Chronic Absenteeism: Two States, Two Approaches

June 17, 2015

Educators and parents alike agree: Keeping kids in school matters. When kids miss school, their learning suffers. A recent study found that kindergarteners with the highest absenteeism rates were not likely to catch up to their peers’ test scores by 5th grade. Additionally, while the reasons for absenteeism are many, health is a consistent and important factor of keeping kids in schools. A recent survey of students in Texas shows that health-related issues may account for as much as 57 percent of absences; and in Oregon, chronic health issues was considered the single most common issue affecting middle school attendance rates.

This is why developing strategies to reduce student absenteeism is so important to our schools.

However, we also know that too frequently absenteeism becomes a discussion where parents are blamed for not getting their children to school. And too frequently, the discussion around student absenteeism turns to a discipline issue or even worse, becomes a criminal activity.

This past year a number of states have been grappling with the challenge of keeping kids in school. From Texas to California to Indiana, states are trying to set policies to reduce absenteeism. But the approaches that these states have taken, are as varied as the states themselves.

For example, last month, the Michigan legislature passed what it called the “Parental Responsibility Act.” This bill would cut off aid to families in need if a child was chronically absent from school. Remember, low-income communities already bear the burden of health disparities that cause higher rates of school absences. Asthma rates in Detroit hover near 30 percent and are even higher in low-income communities of color. In many cases, students are missing multiple days of school due to chronic diseases, lack of access to healthcare or even family health issues. Cutting off benefits to these children would do nothing to address the problem, while potentially causing devastating harm to these families.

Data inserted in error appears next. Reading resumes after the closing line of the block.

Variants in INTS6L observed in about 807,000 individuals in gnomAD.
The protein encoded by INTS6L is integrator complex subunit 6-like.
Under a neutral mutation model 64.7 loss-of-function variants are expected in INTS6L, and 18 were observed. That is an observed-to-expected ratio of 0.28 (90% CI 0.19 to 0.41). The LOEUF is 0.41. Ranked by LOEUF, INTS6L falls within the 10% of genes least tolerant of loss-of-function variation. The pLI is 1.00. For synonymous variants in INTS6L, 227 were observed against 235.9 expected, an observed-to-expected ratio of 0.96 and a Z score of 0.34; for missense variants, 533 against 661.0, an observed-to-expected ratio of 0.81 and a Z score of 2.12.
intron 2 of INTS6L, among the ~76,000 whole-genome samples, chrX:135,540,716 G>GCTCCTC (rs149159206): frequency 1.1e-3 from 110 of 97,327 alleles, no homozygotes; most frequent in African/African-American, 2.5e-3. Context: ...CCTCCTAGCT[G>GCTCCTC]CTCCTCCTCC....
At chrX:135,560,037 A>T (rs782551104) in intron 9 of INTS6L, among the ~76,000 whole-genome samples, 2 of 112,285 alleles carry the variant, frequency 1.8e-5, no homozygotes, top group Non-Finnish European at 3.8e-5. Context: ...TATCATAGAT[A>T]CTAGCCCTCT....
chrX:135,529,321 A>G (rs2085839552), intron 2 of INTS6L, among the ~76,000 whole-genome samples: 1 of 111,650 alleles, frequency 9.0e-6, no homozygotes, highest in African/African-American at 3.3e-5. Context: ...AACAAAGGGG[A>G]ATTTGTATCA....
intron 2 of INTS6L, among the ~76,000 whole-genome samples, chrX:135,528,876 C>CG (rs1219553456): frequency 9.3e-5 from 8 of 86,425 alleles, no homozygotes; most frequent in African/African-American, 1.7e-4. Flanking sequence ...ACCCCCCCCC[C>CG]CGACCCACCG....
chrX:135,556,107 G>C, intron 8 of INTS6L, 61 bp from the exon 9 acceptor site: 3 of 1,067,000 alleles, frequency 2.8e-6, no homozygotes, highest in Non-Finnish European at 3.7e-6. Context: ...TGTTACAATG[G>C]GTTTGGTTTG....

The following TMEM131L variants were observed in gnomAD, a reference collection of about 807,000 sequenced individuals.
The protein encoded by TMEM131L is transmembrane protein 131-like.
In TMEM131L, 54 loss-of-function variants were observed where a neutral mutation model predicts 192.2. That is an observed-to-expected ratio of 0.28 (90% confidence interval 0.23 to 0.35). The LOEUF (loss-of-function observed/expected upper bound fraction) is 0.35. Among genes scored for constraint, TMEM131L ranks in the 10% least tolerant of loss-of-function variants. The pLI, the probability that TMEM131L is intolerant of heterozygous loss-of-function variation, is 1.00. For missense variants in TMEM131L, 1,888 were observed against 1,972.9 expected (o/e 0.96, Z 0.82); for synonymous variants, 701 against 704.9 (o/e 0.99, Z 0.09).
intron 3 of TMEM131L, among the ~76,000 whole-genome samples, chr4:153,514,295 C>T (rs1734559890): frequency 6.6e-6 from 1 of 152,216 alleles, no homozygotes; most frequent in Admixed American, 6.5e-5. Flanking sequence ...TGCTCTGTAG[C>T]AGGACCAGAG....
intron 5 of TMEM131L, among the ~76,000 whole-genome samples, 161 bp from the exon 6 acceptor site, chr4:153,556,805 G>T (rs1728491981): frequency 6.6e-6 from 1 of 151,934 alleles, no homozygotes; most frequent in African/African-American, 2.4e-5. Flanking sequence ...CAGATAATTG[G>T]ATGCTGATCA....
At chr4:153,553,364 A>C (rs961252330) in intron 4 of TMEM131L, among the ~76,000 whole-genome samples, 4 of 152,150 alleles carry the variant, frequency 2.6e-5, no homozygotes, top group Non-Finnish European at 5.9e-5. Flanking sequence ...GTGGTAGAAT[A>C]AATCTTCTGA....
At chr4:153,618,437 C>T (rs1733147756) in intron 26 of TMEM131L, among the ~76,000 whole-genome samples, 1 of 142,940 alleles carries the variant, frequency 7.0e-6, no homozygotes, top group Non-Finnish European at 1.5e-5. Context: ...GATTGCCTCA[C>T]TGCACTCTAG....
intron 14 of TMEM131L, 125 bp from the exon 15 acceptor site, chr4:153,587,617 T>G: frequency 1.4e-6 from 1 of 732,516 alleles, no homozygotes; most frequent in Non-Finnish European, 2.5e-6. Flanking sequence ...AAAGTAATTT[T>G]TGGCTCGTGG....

As the Michigan League for Public Policy said, “This bill won’t get kids to school. However, it is certain to push more kids deeper into poverty, making it even more difficult to get to school.”

We agree. Keeping kids in school shouldn’t be punitive. Rather, we believe that we need look to the underlying reasons why kids are missing school, and address these issues.

So here in Illinois, Healthy Schools Campaign worked with advocates and legislators to pass a Chronic Absenteeism Commission. This bill is not about blaming parents, rather it is about understanding and addressing the underlying causes of why students are absent. When signed, this law would establish an Attendance Commission that “…shall identify strategies, mechanisms, and approaches to help parents, educators, principals, superintendents, and the State Board of Education address and prevent chronic absenteeism.”

Of course this is only an early step in a long approach to developing strategies to address chronic absenteeism. But if half or more of missed school days are due to health-related issues, we believe that we need to approach our education policy in a way that supports student health and wellness. This means we need a system that identifies students at greatest risk for dropping out and provides assistance with their specific barriers. It could mean increasing access to counseling services, asthma management plans, or even helping a student get a warm coat in the winter. These are the types of interventions that can do what we all want — keep kids healthier and in school.

Breaking the cycle of chronic absenteeism is not an small or insignificant challenge, but it is one that requires a thoughtful approach, rather than a reactive, punitive measure.